“With her curious, enquiring mind Ursula Huth is always travelling, always searching for new ways to express her personal view of the world. At the same time, her work communicates an inner calmness and concentration on her very personal images and messages.
Her range of creative and expressive means bears an amazing variety, from hot work with glass at the furnace or kiln to graphic drawing and collage techniques, from cold glass techniques to glass painting and even etching of multi-layered flat glass. Especially her glass panels, which have from the beginning of her artistic career been at the core of her work, benefit from this versatility. However, for thirty years she has also been modeling three-dimensional sculptures in the pâte-de-verre technique, which display a rich, translucent inner and outer life. Connections of glass to other materials (e.g. to metals such as lead foil or cast bronze, or to print materials such as maps) weave through her work. In addition she takes architectural commissions as welcome challenges.
Her imagery is reduced and sketch-like. It appears concentrated, and yet shows a great variety in meaning and form. Occasionally anecdotes and biographical notes are hinted at. Symbols, marks and signs, also fragments of words and sentences, direct the viewer’s imagination; they awaken memories, and invite you to think on. Over all of this there lies a poetic atmosphere, with a fundamental presence of what can’t be interpreted, of the secretive and of the magical.”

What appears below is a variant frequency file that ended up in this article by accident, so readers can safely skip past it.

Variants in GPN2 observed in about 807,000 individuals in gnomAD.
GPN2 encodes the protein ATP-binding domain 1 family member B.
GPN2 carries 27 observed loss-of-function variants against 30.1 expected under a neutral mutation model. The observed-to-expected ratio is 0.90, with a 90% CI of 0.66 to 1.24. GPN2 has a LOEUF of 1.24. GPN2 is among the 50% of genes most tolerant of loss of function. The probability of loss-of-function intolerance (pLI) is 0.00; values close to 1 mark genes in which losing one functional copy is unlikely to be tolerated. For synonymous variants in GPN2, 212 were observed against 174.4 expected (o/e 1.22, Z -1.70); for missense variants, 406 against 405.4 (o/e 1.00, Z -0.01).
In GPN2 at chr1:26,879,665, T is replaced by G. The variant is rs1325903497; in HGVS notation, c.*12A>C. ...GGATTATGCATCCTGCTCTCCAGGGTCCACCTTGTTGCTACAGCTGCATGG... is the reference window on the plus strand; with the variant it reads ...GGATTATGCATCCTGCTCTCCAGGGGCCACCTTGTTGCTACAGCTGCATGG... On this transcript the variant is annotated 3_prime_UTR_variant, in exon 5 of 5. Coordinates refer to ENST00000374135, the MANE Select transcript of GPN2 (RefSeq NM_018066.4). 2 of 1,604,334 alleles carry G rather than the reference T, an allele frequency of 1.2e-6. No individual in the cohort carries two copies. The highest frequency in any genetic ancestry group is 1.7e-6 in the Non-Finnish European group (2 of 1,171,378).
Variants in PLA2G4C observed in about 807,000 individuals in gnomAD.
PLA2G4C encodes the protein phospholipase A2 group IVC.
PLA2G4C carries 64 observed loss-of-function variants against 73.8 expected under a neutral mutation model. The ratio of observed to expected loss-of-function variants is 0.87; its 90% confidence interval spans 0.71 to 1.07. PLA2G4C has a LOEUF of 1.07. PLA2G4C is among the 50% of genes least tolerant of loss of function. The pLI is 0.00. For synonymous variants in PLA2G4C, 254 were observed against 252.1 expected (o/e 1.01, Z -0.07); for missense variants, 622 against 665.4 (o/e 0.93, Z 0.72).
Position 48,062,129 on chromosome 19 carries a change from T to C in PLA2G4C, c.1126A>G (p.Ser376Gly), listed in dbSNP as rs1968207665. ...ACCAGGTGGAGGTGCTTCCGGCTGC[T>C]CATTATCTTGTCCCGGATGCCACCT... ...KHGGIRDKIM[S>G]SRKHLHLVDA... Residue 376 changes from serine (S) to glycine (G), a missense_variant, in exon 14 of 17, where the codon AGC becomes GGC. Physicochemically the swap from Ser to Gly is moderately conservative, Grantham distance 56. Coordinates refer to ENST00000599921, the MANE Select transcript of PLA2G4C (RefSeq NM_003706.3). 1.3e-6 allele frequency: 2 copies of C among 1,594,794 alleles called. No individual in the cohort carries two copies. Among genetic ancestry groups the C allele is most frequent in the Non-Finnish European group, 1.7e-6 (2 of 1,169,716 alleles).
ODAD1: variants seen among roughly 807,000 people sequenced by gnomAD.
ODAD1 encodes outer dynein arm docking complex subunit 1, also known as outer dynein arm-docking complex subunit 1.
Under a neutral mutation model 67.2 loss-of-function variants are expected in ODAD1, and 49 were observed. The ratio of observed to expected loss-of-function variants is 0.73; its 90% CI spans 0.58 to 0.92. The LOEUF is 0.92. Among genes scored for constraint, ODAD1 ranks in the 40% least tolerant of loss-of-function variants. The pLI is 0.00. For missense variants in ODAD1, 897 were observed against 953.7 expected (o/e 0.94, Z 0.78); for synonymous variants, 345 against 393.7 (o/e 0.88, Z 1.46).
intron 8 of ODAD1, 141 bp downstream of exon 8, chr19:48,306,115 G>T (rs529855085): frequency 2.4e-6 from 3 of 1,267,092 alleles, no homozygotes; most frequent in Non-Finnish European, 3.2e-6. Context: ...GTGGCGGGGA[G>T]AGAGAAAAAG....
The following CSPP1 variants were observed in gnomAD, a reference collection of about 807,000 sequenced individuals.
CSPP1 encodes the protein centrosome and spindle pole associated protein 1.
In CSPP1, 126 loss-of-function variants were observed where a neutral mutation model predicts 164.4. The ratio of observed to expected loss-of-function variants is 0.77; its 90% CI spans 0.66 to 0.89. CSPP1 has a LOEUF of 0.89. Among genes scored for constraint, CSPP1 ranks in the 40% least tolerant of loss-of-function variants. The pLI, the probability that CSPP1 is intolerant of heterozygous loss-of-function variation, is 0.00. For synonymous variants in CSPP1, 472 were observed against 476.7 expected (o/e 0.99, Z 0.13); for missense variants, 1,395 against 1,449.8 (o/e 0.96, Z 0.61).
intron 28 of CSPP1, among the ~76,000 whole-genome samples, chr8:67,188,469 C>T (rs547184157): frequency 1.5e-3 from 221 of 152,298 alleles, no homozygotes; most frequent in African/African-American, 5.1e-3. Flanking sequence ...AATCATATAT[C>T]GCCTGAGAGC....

Dr. Helmut Ricke, Kunstmuseum Düsseldorf, 1971-2008 Director Hentrich Glass Museum
“One cannot help but be impressed by the freshness of Ursula Huth’s pictorial world, imbued with life by the light that filters through it.
In each of her various stained glass works, the lead cane partitions, looking as if they were drawn in freehand, are laid with an exquisite sense of balance. Suche scene divisions produce an effect suggesting a multifaceted expanse of time and space. Huth always strives to strike a balance between the spontaneity of the imagery that occurs to her and the deliberate control needed to express it.”
Yoriko Mizuta, Curator, Hokkaido Museum of Modern Art